For 19 years, LaborFest of San Francisco has marked the occasion of the July 1934 waterfront labor struggles with a monthlong festival of events, films, and tours. Progressives and union leaders breathe life into the history that marked the beginning of the longshoremen’s struggle to gain their union, which included a unique and successful general strike in San Francisco. Guides from many organizations give tours of significant areas in historical events, also tying in the artists and artwork of the New Deal era.
Many outside of San Francisco have heard of Coit Tower, but perhaps fewer know that the muralists who painted the beautiful works inside were the first artists employed by the massive work program put into place by President Roosevelt to alleviate Depression-era joblessness. Furthermore, these same artists were witnesses to the violence of the 1934 waterfront fight, the “Battle of Rincon Hill,” which they could see from up in the Tower while it raged.
Gray Brechin and Harvey Smith of Living New Deal, an organization with a mission to catalogue and preserve New Deal projects in the U.S., are veteran guides of LaborFest tours, highlighting WPA projects that still exist in San Francisco. A mine of information like the story of Coit Tower’s artists, they also give a popular tour of the murals of Rincon Annex, which were the last works created by the public programs of the New Deal.
Living New Deal founder Brechin is a historical geographer and author of Imperial San Francisco: Urban Power, Earthly Ruin. A scholar and activist, he has taken on fighting to preserve the memory and the physical remains of New Deal sites, making people aware of the success this massive social program had in saving the country from economic ruin, and also in modernizing and beautifying spaces all over the United States. Brechin also intervened when the semi-privatization of the Post Office (forcing it to look at liquidating real estate assets) in the 1970’s threatened the the Rincon Post Office, which he considers “the Taj Mahal of labor.”
In his essay Politics and Modernism: the Trial of the Rincon Annex Murals, Brechin describes the controversy that dogged the artist, Anton Refregier. The bulk of the work was painted after the death of FDR and the end of World War II and the content and even the existence of the murals was threatened by ultra-right Cold War reactionaries in government. Refregier, a left-wing artist, made California history the murals’ subject matter, depicting the role of working people in creating civilization.
Brechin writes, “On the morning of May 1, 1953, the House Committee on Public Works convened in Washington, D.C., to debate the destruction of one of the largest and most expensive artworks ever commissioned by the federal government.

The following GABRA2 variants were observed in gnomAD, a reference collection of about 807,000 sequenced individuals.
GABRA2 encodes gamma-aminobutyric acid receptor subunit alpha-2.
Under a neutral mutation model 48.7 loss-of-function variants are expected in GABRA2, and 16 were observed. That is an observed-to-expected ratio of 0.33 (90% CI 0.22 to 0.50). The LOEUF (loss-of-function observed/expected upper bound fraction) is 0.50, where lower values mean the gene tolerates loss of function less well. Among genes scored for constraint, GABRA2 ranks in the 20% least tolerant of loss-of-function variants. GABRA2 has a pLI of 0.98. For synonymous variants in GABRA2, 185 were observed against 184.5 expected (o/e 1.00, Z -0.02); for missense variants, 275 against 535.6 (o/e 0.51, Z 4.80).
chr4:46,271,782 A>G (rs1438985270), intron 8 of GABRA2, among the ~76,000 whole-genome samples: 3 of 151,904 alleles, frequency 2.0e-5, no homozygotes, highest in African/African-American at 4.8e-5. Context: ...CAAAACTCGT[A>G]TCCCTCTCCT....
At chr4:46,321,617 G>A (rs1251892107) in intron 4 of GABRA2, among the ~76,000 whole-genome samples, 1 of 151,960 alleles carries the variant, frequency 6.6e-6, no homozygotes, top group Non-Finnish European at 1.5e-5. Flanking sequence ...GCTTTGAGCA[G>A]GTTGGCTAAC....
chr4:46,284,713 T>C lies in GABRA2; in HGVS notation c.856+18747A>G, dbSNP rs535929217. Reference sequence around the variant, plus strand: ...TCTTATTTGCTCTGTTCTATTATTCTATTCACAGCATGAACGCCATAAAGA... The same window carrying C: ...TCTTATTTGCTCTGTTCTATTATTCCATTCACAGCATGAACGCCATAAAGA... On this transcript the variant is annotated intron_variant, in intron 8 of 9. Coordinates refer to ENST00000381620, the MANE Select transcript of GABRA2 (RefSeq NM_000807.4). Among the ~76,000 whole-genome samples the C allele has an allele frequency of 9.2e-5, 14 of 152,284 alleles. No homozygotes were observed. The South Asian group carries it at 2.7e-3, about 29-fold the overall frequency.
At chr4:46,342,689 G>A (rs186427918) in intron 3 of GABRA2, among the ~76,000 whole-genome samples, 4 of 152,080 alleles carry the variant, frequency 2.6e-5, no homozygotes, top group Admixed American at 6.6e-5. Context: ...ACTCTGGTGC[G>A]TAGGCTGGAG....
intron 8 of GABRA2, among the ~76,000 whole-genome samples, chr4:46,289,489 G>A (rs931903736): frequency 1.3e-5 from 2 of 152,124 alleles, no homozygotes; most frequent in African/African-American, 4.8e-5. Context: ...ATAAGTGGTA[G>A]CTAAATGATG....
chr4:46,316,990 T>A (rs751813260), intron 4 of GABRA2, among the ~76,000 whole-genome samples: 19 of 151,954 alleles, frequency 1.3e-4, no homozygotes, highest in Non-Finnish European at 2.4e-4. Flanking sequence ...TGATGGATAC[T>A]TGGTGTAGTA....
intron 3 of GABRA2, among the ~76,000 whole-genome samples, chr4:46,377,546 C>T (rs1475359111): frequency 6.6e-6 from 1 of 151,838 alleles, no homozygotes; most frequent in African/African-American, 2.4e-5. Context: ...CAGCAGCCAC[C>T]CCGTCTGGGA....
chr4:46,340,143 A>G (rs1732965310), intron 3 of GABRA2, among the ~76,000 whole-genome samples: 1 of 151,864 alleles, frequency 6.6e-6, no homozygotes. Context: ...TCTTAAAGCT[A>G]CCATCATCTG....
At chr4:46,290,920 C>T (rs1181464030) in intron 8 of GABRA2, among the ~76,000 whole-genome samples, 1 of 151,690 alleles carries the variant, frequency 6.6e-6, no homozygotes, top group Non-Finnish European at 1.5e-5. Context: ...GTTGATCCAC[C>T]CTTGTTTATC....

The artist Anton Refregier, according to Republican Representative Hubert Scudder of Sebastopol, California, had foisted upon the American taxpayer propaganda designed to slander the state’s pioneers and convert patrons at San Francisco’s main post office to communism. In its daylong deliberations, the committee put history, as well as art, on trial.”
Damning to the right-wing congressional subcommittee convened to accuse the artist was that Refregier had dared to depict white workers alongside African-American workers, made sympathetic figures of the Native Ohlone peoples who worked under Missions in California, and also accurately depicted the role of the Chinese in building Golden State railroads. Radical left-wing labor leader of the ILWU Harry Bridges, hero to Longshoremen, is represented in a mural titled “The Waterfront”. Among the conservative politicians who wished to destroy the murals was a Congressman from California would would one day be better known as President Richard M. Nixon.
Rincon Annex and many other New Deal projects are listed on an interactive map maintained on the Living New Deal website, which is the only compendium that exists of the projects completed by all of the “alphabet soup” agencies. Scholars are adding new material to the map as more discoveries are catalogued.
Bay Area PBS affiliate KQED has made Rincon’s murals available for exploration, along with Coit Tower and other cultural and historical places of interest in San Francisco, on a phone application called “Let’s Get Lost.” The interactive program draws on scholarship like Brechin’s to provide visitors with a rich depth of archives and historical background when visiting sites on self-guided tours or to learn more at home.
Living New Deal’s website also offers resources for people interested in helping to save embattled New Deal landmarks, and also for creating awareness to bring back programs like the New Deal to bring the country out of the 2008 crisis, the effects which are still felt today by working people.
Photo: Gray Brechin. Michelle Kern/PW